David Rothman writes "Literacy programs in isolation just won't cut it in many cases. What if some people are too depressed to attend? And what if they're just distracted by the general hassles of being poor? Could literacy programs be missing the people needing them the most? This is old wisdom to clueful poverty warriors, but I'm glad to see it getting some airing in a British educational consortium's report summed up in the Guardian. While e-books (my own little cause) can help fight illiteracy, they are hardly a panacea--nor, even, are literacy programs themselves. Needless to say, cause-effects can go in all kinds of directions. (Found via Bookslut.)"

Getting Boys to Read: A Matter of Taste

Here's a clueful story about the secret to getting boys to read: give them more flexibility in reading material. More from the Montgomery (AL) Advertiser.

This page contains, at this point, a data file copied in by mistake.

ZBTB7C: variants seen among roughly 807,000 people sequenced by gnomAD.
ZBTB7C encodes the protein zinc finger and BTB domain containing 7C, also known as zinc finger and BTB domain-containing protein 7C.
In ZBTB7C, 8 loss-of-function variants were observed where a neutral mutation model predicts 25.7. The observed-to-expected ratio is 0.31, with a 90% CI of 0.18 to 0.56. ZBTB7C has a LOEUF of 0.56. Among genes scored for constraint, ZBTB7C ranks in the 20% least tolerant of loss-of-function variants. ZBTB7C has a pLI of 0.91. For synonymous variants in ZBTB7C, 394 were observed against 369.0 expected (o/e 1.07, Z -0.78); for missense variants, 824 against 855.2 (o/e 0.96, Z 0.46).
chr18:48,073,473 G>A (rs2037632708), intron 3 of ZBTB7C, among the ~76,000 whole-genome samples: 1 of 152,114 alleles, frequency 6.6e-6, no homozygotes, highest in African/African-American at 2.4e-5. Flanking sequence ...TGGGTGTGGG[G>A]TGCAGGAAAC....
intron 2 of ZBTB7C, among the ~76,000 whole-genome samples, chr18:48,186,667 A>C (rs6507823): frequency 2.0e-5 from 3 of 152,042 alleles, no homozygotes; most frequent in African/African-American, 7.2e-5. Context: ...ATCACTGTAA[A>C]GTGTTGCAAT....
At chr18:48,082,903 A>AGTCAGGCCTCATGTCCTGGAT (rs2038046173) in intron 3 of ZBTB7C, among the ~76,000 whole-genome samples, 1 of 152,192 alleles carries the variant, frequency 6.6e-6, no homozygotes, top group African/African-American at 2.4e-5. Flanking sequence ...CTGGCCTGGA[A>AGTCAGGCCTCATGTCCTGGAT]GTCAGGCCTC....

"By keeping a collection of books that embrace a wide variety of literary genre, we also usually find boys are more willing to read," Daffin said. "Limit their choices too much via the traditional choices, and most boys look at reading as a chore."

International Adult Literacy and Lifeskills Survey

kathleen writes "Highlights From the 2003 International Adult Literacy and Lifeskills Survey (ALL) were released May 11, 2005.
The Adult Literacy and Lifeskills (ALL) Survey is an international comparative study designed to provide participating countries, including the United States, with information about the skills of their adult populations. ALL measured the literacy and numeracy skills of a nationally representative sample from each participating country.